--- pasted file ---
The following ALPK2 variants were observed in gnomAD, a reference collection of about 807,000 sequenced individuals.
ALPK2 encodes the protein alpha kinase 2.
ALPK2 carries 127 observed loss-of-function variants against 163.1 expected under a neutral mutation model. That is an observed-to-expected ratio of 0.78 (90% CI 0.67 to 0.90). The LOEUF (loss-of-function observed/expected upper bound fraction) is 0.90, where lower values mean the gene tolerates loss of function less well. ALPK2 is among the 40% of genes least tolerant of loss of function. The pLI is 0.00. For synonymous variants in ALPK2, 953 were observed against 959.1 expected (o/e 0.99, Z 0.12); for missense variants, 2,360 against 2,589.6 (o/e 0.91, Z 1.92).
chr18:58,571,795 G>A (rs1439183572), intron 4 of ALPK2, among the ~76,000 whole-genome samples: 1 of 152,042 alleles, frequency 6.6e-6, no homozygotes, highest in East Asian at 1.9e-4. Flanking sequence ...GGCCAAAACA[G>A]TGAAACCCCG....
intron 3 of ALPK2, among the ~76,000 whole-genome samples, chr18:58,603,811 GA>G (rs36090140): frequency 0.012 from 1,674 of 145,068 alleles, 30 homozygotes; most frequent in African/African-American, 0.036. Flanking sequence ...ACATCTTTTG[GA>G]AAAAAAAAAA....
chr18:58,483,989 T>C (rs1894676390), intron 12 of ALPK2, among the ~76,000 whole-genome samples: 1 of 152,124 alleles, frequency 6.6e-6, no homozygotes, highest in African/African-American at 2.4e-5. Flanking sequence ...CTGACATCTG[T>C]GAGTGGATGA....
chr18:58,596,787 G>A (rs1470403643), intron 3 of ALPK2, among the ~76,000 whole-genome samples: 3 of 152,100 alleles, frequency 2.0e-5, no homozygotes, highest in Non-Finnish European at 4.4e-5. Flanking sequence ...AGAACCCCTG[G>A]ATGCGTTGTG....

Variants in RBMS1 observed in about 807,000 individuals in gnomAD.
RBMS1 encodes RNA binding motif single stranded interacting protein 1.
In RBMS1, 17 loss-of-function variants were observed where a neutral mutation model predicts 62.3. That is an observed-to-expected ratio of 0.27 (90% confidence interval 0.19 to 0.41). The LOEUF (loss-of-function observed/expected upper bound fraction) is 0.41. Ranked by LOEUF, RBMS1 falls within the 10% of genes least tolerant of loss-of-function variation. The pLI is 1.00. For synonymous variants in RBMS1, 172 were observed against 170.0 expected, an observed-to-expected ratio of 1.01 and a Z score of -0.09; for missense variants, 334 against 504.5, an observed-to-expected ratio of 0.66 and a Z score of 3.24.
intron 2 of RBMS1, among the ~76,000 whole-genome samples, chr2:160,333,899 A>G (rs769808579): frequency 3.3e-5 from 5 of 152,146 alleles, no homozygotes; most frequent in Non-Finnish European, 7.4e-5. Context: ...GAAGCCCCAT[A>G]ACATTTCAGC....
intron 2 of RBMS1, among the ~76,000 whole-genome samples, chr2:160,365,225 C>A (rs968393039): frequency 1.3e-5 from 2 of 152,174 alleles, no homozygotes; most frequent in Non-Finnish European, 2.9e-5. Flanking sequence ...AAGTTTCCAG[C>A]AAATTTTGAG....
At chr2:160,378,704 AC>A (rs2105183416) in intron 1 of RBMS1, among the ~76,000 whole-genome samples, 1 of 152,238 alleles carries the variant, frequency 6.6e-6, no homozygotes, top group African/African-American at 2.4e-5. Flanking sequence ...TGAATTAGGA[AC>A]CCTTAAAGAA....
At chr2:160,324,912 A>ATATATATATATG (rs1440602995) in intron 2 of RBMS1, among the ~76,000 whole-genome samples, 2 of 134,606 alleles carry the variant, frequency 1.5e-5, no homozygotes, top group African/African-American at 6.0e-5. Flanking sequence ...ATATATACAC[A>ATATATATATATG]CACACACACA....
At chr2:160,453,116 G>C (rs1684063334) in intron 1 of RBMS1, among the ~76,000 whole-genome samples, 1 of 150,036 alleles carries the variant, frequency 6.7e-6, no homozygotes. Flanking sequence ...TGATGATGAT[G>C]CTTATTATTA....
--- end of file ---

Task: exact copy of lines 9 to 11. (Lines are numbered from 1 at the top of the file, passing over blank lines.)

RBMS1 encodes RNA binding motif single stranded interacting protein 1.
In RBMS1, 17 loss-of-function variants were observed where a neutral mutation model predicts 62.3. That is an observed-to-expected ratio of 0.27 (90% confidence interval 0.19 to 0.41). The LOEUF (loss-of-function observed/expected upper bound fraction) is 0.41. Ranked by LOEUF, RBMS1 falls within the 10% of genes least tolerant of loss-of-function variation. The pLI is 1.00. For synonymous variants in RBMS1, 172 were observed against 170.0 expected, an observed-to-expected ratio of 1.01 and a Z score of -0.09; for missense variants, 334 against 504.5, an observed-to-expected ratio of 0.66 and a Z score of 3.24.
intron 2 of RBMS1, among the ~76,000 whole-genome samples, chr2:160,333,899 A>G (rs769808579): frequency 3.3e-5 from 5 of 152,146 alleles, no homozygotes; most frequent in Non-Finnish European, 7.4e-5. Context: ...GAAGCCCCAT[A>G]ACATTTCAGC....